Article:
Headlines Edition

Monday Headlines: Shop to the bop

The death toll in the Morocco earthquake has now topped 2,100, as survivors struggle to find food, water, and shelter. / Reuters

Covid cases and hospitalizations are rising, mask debates are brewing, and boosters are coming: "This is our life now." / STAT

​​After entering the tournament as a no. 6 seed, Coco Gauff won the US Open on Saturday in the first grand slam win of her career. / ESPN

See also: "Gauff might be 19, but she is a 19-year-old veteran who has paid some dues and been able to adjust at a reasonable pace to celebrity." / Tennis & Beyond

"You could ask a dozen people to name her most impressive attribute and get 12 answers." Fifty parting thoughts from the 2023 US Open. / Sports Illustrated

At 36, Novak Djokovic just became the oldest man to win the US Open. / NBC News

See also: Watching the US Open on TikTok, where celebrations and ball boys take center stage. / Dirt

A court attendant reflects on the intense heat at this year's US Open, where sawdust outmatched towels for keeping players' hands dry. / Hell Gate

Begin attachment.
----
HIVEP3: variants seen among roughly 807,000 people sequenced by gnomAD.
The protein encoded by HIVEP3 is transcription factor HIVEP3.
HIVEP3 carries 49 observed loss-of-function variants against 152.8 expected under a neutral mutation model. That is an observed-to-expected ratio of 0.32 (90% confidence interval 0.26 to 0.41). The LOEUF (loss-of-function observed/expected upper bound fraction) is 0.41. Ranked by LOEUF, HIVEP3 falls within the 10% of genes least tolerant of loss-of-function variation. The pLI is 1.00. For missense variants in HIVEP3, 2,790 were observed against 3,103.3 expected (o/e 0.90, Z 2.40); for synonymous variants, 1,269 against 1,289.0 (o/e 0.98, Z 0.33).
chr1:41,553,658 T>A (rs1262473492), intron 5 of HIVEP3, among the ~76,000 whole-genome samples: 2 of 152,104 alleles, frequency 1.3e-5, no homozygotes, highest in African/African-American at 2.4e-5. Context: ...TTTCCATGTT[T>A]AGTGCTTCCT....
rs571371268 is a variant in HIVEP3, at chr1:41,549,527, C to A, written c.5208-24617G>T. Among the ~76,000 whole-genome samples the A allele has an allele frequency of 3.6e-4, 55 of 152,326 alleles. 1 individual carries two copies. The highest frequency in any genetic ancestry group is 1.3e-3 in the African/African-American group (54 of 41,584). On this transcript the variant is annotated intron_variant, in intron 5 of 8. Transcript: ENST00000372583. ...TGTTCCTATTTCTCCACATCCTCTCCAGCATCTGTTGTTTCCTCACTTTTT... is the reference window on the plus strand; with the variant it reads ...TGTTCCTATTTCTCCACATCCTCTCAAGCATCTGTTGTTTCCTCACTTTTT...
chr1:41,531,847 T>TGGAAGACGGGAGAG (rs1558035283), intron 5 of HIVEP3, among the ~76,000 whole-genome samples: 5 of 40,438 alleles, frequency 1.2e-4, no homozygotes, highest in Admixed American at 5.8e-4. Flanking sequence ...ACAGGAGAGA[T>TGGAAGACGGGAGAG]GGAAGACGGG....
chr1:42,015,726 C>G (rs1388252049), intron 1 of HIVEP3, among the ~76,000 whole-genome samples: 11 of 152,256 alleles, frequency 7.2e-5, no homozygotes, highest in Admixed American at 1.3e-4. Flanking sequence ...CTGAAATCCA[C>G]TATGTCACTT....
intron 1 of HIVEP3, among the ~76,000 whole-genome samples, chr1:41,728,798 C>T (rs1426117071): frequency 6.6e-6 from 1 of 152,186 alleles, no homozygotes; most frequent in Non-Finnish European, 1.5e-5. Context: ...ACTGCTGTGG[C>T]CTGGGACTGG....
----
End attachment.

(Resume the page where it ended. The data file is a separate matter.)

According to a study, heat output from air conditioners during a heatwave can raise a city's temperature by two degrees Celsius. / Euronews

For Americans who need abortions but live in states where it's banned, a trip to Canada or Mexico could be the answer—but only for those who can afford to travel. / The Guardian

Using CRISPR, scientists were able to turn cells from a skeletal muscle tissue cancer into healthy muscle cells. / Live Science

Vanilla is anything but ordinary, from its harvesting to its history—in the 18th century, it was even a renowned aphrodisiac. / The New York Times Style Magazine

Since at least 2019, criminals have been laundering money through fake streams on Spotify—along the way "the fake streams also led to an uptick in real streams." / The Guardian

"You may begin to wonder if some rogue programmer is introducing subversive material into the mix." The soundtrack at CVS. / The Paris Review

Before Gutenberg, there was a movable metal type industry in Korea, and scientists are now comparing their work to fill in gaps in the history of printmaking. / Physics Magazine

While blurbs help sell books, they also depend upon a "favor economy" among authors—not all of whom are all that comfortable with asking or blurbing. / Esquire

See also: The private equity firm that ran Toys "R" Us into the ground is now poised to buy Simon & Schuster. / The Atlantic

John Jeremiah Sullivan: "Here is the tale of something plumbing-related that happened at my house." / Harper's Magazine